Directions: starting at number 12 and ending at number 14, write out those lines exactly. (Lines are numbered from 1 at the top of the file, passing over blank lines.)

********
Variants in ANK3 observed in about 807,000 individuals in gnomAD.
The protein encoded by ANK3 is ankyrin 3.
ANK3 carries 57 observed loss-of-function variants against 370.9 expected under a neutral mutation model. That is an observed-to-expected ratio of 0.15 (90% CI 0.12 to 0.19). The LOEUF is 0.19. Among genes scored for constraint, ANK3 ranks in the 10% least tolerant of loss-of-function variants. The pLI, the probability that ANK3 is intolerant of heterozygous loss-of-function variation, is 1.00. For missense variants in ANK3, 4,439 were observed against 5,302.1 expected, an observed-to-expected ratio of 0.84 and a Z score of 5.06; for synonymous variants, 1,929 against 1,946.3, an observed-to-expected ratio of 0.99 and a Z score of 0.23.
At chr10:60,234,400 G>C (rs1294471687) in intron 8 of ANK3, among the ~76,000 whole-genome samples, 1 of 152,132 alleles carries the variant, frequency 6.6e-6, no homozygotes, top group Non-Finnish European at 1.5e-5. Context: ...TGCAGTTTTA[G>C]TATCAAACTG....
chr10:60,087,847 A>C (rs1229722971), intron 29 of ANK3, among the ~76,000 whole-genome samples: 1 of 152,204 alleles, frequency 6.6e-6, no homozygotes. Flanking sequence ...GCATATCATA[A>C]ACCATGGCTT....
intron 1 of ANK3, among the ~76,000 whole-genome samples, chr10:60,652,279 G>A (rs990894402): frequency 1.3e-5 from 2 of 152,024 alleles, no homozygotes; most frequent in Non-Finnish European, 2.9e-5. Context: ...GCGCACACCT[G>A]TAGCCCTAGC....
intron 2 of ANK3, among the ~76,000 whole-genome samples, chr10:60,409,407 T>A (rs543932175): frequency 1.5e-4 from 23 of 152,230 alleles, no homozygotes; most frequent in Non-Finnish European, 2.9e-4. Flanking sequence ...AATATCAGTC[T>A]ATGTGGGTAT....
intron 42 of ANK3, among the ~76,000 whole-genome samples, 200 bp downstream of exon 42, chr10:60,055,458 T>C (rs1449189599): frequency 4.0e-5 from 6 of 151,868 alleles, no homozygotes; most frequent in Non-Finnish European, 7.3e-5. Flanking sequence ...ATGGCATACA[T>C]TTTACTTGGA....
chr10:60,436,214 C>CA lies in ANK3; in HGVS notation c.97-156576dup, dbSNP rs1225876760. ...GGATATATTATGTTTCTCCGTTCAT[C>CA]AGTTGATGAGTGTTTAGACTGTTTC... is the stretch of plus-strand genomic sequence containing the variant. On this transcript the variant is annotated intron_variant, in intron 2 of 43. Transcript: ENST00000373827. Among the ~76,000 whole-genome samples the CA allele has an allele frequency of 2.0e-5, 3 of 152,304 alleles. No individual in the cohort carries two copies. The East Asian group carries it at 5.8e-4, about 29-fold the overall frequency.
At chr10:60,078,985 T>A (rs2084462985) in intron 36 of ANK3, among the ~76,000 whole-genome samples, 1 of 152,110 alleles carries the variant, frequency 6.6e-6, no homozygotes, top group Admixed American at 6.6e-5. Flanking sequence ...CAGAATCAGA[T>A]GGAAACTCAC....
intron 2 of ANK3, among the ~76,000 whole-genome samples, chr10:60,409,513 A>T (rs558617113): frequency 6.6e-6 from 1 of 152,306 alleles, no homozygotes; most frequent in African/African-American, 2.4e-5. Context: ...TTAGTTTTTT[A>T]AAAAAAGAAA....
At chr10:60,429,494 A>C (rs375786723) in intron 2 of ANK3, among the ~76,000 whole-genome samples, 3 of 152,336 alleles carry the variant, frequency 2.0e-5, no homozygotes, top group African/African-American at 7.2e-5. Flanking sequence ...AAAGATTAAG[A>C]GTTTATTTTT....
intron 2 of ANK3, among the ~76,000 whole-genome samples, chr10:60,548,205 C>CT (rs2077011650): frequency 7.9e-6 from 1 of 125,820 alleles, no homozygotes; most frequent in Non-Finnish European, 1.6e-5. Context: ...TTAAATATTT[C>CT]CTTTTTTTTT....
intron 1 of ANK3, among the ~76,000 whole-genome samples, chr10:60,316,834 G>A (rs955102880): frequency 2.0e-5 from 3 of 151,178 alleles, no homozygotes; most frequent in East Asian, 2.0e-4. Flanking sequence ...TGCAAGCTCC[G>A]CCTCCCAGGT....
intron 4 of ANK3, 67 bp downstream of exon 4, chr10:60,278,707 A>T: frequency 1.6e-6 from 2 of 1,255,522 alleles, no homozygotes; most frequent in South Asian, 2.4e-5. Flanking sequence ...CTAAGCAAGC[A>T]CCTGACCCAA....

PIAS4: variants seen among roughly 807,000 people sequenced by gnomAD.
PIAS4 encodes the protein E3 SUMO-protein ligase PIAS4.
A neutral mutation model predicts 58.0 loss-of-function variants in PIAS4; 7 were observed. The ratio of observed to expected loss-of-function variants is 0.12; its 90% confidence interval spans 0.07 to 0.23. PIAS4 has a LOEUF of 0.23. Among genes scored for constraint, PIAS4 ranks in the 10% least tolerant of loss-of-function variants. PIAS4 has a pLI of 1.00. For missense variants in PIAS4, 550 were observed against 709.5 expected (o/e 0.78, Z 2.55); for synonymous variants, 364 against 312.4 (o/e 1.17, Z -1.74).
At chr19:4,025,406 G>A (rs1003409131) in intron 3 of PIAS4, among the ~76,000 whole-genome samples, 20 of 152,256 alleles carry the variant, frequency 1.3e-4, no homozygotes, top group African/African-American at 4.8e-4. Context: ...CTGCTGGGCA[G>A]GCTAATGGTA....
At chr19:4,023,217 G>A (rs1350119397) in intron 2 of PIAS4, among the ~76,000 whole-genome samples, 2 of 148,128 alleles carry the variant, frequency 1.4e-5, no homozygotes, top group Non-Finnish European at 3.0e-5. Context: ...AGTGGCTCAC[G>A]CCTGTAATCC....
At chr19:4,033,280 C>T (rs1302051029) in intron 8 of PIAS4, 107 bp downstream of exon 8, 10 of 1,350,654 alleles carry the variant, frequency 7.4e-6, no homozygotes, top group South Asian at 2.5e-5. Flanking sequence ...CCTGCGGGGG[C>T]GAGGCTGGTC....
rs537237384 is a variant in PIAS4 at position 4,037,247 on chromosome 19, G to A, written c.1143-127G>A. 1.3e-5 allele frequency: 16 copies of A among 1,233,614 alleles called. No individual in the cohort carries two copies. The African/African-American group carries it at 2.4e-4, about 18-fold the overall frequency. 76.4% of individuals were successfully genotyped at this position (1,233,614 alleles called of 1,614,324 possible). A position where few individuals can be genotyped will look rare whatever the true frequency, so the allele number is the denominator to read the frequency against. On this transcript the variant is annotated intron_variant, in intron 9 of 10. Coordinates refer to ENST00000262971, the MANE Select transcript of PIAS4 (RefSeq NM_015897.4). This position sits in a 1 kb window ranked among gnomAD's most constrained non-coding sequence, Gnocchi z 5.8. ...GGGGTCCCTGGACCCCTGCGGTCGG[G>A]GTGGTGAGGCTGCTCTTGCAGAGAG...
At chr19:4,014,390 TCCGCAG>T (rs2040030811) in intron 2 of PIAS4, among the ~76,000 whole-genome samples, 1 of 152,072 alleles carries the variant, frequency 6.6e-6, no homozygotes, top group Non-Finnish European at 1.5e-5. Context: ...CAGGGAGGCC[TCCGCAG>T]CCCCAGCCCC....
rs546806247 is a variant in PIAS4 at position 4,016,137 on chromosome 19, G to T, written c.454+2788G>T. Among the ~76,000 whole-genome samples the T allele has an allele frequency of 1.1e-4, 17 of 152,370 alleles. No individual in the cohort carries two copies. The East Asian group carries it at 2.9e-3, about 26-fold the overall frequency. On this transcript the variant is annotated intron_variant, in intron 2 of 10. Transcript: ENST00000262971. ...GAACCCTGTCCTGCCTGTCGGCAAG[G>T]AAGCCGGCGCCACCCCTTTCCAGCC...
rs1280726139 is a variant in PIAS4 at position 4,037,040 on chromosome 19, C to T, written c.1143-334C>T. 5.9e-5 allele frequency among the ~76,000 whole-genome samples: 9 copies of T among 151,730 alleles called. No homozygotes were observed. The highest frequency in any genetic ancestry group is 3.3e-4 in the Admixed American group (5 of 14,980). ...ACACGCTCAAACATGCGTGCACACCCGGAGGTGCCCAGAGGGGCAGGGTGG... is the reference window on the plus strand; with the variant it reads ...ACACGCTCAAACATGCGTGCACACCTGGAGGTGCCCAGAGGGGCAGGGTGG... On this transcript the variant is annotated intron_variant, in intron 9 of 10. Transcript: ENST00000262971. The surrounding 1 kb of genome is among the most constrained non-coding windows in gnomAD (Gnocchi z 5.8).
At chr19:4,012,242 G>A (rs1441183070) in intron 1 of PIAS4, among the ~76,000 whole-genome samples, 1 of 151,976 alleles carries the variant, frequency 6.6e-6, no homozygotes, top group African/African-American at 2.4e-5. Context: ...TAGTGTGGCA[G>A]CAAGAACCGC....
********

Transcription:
At chr10:60,429,494 A>C (rs375786723) in intron 2 of ANK3, among the ~76,000 whole-genome samples, 3 of 152,336 alleles carry the variant, frequency 2.0e-5, no homozygotes, top group African/African-American at 7.2e-5. Flanking sequence ...AAAGATTAAG[A>C]GTTTATTTTT....
intron 2 of ANK3, among the ~76,000 whole-genome samples, chr10:60,548,205 C>CT (rs2077011650): frequency 7.9e-6 from 1 of 125,820 alleles, no homozygotes; most frequent in Non-Finnish European, 1.6e-5. Context: ...TTAAATATTT[C>CT]CTTTTTTTTT....
intron 1 of ANK3, among the ~76,000 whole-genome samples, chr10:60,316,834 G>A (rs955102880): frequency 2.0e-5 from 3 of 151,178 alleles, no homozygotes; most frequent in East Asian, 2.0e-4. Flanking sequence ...TGCAAGCTCC[G>A]CCTCCCAGGT....